Monday, October 25

I see, I see … I suck

Nacho Cano is a good musician, there is no doubt about that. What happens is that he is a good musician who makes terrible songs, unlike Rosendo, the guitarist from Carabanchel, who is more limited as a musician, but whose songs are infinitely better than those composed by Nacho Cano.

This appreciation is not subjective, but organic. Because the qualitative criterion of an artistic piece is given by the intensity of it when it is necessary to transfer a heart from end to end. Examples of the latter can be the paintings of Goya, a bad painter who painted very good pictures or the novels of Pío Baroja, a bad writer who wrote unsurpassed novels.

So we could continue with several examples, but it is not convenient to get lost. Because today I came here to talk about Nacho Cano, a good boy who has always had everything in his favor, because he was born in the Spain of privileges, unlike Rosendo, whose humble origin led him to suffer fatigue and fight his life with force of your chords.

The comparisons are unfair, you know, and we would not enter them if a councilor from the Madrid district of Hortaleza had not brought up Rosendo’s name when, in a plenary session, the issue of the transfer of land to Nacho Cano was discussed so that he could build an Aztec pyramid. “I am more of Rosendo, but what am I going to do to him,” said the councilor, implying that where there is a boss, no sailor sends. I say it like this, like a bareto joke, so as not to clash with the tone of the councilor of yore.

As Spain is a country of sainete, a fat woman got messed up, and Nacho Cano was pointed out for what he is, a profiteer of the policies of Ayuso and the Pepera family. The dimes and diretes began remembering Nacho Cano at Puerta del Sol, during the last night of the year. Then he continued with the staging of the Madrid medal where Nacho Cano lowered his neck to the authority, and the thing continued when last summer the president of the Community of Madrid spent a few days in the house that the musician has in Ibiza. With the latter, the evil tongues became entangled, assuming that Nacho Cano taught Ayuso the 26 positions of Bikram Yoga, a discipline in which the musician is very dedicated. We will not go into details.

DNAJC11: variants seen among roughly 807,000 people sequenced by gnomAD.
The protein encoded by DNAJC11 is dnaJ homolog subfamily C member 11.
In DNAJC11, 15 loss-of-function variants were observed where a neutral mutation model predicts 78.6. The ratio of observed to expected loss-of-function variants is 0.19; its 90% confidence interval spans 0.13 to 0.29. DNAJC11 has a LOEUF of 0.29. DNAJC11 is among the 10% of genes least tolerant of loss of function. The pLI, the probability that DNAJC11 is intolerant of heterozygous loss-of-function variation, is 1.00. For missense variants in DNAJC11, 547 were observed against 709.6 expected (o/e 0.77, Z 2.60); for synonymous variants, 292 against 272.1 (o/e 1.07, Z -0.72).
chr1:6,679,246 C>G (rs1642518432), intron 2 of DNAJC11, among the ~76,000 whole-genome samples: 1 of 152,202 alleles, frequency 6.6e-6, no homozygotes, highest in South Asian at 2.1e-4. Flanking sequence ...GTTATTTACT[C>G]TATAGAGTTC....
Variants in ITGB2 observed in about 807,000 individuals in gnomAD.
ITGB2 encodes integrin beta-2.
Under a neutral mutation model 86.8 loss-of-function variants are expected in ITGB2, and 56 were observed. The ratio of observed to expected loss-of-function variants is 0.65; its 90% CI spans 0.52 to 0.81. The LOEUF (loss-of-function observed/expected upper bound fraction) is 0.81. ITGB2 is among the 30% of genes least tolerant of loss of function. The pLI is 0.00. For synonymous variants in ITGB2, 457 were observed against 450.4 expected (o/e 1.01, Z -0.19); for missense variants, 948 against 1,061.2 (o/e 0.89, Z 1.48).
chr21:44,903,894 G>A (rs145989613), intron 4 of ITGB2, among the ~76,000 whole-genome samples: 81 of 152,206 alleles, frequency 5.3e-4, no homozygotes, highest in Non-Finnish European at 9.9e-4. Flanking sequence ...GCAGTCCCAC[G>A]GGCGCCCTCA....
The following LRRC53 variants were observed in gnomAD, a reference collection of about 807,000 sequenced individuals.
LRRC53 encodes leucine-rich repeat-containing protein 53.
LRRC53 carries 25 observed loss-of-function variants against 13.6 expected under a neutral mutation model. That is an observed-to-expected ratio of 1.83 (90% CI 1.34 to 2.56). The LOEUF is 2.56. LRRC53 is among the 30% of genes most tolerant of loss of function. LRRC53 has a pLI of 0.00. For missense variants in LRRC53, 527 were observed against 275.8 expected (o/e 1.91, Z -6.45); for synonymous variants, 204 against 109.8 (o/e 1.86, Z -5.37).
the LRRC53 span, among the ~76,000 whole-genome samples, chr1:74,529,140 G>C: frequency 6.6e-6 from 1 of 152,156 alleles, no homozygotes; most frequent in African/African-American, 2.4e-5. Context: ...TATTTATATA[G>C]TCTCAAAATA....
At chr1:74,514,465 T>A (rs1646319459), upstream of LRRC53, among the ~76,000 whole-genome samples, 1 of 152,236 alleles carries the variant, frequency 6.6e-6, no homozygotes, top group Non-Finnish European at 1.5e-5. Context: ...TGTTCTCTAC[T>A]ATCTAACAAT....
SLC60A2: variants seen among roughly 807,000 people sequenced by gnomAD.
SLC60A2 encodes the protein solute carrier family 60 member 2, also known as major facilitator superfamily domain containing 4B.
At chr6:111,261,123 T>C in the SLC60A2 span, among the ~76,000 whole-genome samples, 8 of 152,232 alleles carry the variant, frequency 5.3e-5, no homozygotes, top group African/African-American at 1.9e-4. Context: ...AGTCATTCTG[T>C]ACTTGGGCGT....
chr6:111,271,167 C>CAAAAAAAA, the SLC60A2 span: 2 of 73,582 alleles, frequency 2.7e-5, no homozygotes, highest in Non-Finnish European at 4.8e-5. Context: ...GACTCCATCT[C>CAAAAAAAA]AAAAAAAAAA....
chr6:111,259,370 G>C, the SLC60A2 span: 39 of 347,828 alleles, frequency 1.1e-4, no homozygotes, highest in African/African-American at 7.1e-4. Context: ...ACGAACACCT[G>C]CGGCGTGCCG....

What is striking is that the project is not going to stay in an Aztec pyramid, or in a tent, or you know, because there is also going to be a parking lot that is going to be spread out on said neighborhood lands. But since they take us for idiots, a few days ago Nacho Cano came out to clarify the matter and released the magic word: “Work.” With your project you will create employment, assured the musician. And that is the argument that has managed to curdle in most of the people who do not know what happens when a capitalist talks about work. Because when a capitalist talks about work, he is not talking about another damn thing that of benefit for Capital.

We must not forget that Nacho Cano is a capitalist, and not precisely because he has money, but because he invests the money in the spiral that values ​​it at every turn. We must be careful, and qualify a lot, so that capitalism does not take us to its ground with the word “work” as the effect of a greater cause such as economic interest.

Rosendo, the Rosen, knows these things well. It must be remembered that he refused to have a statue made for him because of the public expense it would cause and, instead, asked that the money be invested in schools or hospitals. That is the moral difference between one musician and another.

Because what Rosendo gives us are lessons in dignity and honor, attributes that Ayuso, Nacho Cano, and others lack. For this reason, a song by Rosendo will always reach deeper than all the bow compositions of a son of the Spain of privileges, no matter how much Bikram Yoga he practices.



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